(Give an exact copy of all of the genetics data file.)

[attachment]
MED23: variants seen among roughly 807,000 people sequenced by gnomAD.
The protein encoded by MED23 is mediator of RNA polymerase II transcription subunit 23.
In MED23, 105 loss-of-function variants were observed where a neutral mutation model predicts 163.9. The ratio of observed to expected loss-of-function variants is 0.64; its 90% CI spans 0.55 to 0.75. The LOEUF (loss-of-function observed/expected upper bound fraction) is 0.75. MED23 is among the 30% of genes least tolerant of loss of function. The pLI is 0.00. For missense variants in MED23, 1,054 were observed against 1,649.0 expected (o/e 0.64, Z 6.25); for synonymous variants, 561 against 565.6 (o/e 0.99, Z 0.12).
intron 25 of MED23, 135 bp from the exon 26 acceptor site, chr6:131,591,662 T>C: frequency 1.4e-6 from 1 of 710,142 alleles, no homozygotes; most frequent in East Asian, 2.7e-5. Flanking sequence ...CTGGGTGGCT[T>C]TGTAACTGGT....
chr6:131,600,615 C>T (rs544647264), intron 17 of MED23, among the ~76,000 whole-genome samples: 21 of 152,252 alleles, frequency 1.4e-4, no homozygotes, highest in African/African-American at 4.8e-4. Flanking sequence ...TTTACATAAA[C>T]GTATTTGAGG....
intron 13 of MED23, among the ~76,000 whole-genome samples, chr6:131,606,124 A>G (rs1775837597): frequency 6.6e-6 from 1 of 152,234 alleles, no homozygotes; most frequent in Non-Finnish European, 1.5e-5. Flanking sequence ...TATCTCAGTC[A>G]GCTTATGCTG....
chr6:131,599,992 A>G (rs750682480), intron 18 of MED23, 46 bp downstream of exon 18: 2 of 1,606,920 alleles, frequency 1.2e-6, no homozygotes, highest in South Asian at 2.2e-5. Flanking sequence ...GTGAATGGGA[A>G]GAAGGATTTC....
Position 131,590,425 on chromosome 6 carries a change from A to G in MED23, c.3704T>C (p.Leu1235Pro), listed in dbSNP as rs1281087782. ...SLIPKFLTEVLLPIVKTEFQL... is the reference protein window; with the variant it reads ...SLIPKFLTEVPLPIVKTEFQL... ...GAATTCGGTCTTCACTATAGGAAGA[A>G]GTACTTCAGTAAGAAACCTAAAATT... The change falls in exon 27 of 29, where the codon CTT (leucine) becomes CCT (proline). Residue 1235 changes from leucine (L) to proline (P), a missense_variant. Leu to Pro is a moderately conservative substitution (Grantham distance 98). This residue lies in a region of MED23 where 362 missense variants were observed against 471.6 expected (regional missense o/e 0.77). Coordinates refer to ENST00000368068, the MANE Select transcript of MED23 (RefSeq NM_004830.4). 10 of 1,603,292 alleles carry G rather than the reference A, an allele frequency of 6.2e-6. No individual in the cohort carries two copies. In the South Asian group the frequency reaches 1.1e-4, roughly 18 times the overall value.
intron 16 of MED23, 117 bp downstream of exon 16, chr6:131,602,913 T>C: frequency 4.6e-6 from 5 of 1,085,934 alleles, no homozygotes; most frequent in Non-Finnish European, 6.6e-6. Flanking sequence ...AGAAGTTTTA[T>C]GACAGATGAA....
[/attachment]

MED23: variants seen among roughly 807,000 people sequenced by gnomAD.
The protein encoded by MED23 is mediator of RNA polymerase II transcription subunit 23.
In MED23, 105 loss-of-function variants were observed where a neutral mutation model predicts 163.9. The ratio of observed to expected loss-of-function variants is 0.64; its 90% CI spans 0.55 to 0.75. The LOEUF (loss-of-function observed/expected upper bound fraction) is 0.75. MED23 is among the 30% of genes least tolerant of loss of function. The pLI is 0.00. For missense variants in MED23, 1,054 were observed against 1,649.0 expected (o/e 0.64, Z 6.25); for synonymous variants, 561 against 565.6 (o/e 0.99, Z 0.12).
intron 25 of MED23, 135 bp from the exon 26 acceptor site, chr6:131,591,662 T>C: frequency 1.4e-6 from 1 of 710,142 alleles, no homozygotes; most frequent in East Asian, 2.7e-5. Flanking sequence ...CTGGGTGGCT[T>C]TGTAACTGGT....
chr6:131,600,615 C>T (rs544647264), intron 17 of MED23, among the ~76,000 whole-genome samples: 21 of 152,252 alleles, frequency 1.4e-4, no homozygotes, highest in African/African-American at 4.8e-4. Flanking sequence ...TTTACATAAA[C>T]GTATTTGAGG....
intron 13 of MED23, among the ~76,000 whole-genome samples, chr6:131,606,124 A>G (rs1775837597): frequency 6.6e-6 from 1 of 152,234 alleles, no homozygotes; most frequent in Non-Finnish European, 1.5e-5. Flanking sequence ...TATCTCAGTC[A>G]GCTTATGCTG....
chr6:131,599,992 A>G (rs750682480), intron 18 of MED23, 46 bp downstream of exon 18: 2 of 1,606,920 alleles, frequency 1.2e-6, no homozygotes, highest in South Asian at 2.2e-5. Flanking sequence ...GTGAATGGGA[A>G]GAAGGATTTC....
Position 131,590,425 on chromosome 6 carries a change from A to G in MED23, c.3704T>C (p.Leu1235Pro), listed in dbSNP as rs1281087782. ...SLIPKFLTEVLLPIVKTEFQL... is the reference protein window; with the variant it reads ...SLIPKFLTEVPLPIVKTEFQL... ...GAATTCGGTCTTCACTATAGGAAGA[A>G]GTACTTCAGTAAGAAACCTAAAATT... The change falls in exon 27 of 29, where the codon CTT (leucine) becomes CCT (proline). Residue 1235 changes from leucine (L) to proline (P), a missense_variant. Leu to Pro is a moderately conservative substitution (Grantham distance 98). This residue lies in a region of MED23 where 362 missense variants were observed against 471.6 expected (regional missense o/e 0.77). Coordinates refer to ENST00000368068, the MANE Select transcript of MED23 (RefSeq NM_004830.4). 10 of 1,603,292 alleles carry G rather than the reference A, an allele frequency of 6.2e-6. No individual in the cohort carries two copies. In the South Asian group the frequency reaches 1.1e-4, roughly 18 times the overall value.
intron 16 of MED23, 117 bp downstream of exon 16, chr6:131,602,913 T>C: frequency 4.6e-6 from 5 of 1,085,934 alleles, no homozygotes; most frequent in Non-Finnish European, 6.6e-6. Flanking sequence ...AGAAGTTTTA[T>C]GACAGATGAA....